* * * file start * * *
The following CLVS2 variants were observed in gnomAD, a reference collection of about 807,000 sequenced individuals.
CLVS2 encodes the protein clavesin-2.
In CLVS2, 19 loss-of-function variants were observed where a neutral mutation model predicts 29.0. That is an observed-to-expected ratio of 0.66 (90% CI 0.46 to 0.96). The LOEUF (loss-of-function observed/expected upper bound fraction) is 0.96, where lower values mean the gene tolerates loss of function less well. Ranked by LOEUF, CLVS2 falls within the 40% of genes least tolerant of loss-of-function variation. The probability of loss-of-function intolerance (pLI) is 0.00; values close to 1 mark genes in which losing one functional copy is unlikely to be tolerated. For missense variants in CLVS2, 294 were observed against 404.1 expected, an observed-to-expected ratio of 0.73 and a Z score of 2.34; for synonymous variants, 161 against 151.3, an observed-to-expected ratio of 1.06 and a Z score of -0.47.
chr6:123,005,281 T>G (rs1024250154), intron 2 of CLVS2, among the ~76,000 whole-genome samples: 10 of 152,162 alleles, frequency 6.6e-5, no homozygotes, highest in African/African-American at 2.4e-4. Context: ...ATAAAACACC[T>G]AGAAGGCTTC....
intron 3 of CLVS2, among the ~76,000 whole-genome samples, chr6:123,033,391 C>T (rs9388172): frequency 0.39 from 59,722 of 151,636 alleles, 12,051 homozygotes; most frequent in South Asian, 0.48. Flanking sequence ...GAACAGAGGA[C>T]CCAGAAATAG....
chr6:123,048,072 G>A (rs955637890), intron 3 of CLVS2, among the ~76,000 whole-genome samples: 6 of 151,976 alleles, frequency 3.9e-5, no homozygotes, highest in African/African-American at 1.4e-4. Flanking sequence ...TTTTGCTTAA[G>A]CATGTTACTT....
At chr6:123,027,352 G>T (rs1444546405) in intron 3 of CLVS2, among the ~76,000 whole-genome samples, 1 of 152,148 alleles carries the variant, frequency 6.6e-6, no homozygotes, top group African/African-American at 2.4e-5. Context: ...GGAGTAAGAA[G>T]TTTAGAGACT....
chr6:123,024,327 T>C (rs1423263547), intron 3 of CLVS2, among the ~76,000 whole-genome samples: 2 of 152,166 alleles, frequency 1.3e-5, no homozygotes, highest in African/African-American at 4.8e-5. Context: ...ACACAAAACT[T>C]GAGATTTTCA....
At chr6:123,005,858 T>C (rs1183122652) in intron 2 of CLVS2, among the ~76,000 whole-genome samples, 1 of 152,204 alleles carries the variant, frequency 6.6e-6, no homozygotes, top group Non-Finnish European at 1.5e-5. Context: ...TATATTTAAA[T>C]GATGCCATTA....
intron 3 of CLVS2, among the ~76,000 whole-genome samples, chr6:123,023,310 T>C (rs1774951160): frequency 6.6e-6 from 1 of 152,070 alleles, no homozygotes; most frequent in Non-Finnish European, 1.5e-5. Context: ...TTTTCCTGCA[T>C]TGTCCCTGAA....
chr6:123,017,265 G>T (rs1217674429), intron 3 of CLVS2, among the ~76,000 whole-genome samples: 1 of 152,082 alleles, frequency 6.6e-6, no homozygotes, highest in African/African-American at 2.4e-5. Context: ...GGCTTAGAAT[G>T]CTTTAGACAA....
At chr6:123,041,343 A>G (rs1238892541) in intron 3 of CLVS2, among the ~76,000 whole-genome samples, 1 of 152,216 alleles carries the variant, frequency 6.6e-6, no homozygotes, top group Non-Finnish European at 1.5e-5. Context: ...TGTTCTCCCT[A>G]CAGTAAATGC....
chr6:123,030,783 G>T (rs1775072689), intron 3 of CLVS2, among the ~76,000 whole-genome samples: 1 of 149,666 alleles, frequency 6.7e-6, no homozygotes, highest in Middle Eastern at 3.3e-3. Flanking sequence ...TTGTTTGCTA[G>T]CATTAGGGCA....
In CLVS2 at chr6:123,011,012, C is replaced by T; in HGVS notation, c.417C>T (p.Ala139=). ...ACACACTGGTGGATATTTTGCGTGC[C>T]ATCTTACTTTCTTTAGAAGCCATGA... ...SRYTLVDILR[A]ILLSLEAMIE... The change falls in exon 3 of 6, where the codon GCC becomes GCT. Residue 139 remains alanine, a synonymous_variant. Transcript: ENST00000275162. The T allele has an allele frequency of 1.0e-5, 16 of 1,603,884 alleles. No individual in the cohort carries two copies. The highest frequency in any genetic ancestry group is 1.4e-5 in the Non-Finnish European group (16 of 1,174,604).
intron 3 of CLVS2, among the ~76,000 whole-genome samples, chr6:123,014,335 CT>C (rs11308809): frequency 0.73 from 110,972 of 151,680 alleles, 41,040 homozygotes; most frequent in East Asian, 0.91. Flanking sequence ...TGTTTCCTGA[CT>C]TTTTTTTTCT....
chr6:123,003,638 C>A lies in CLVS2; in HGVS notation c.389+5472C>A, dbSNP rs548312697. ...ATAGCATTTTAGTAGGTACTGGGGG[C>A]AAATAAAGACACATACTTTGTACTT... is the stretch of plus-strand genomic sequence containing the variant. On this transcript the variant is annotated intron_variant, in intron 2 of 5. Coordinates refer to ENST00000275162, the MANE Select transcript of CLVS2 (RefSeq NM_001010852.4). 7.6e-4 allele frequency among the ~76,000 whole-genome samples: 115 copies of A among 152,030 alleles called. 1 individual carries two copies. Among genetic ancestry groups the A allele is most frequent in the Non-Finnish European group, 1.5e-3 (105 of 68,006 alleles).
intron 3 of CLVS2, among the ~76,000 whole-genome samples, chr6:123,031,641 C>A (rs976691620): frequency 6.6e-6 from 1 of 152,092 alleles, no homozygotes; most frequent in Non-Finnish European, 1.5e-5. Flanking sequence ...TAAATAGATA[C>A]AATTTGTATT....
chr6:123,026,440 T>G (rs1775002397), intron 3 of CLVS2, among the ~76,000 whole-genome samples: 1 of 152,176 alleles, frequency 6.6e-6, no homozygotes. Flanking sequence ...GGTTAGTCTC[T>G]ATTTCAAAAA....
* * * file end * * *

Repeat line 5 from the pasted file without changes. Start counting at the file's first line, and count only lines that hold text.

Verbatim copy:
intron 3 of CLVS2, among the ~76,000 whole-genome samples, chr6:123,033,391 C>T (rs9388172): frequency 0.39 from 59,722 of 151,636 alleles, 12,051 homozygotes; most frequent in South Asian, 0.48. Flanking sequence ...GAACAGAGGA[C>T]CCAGAAATAG....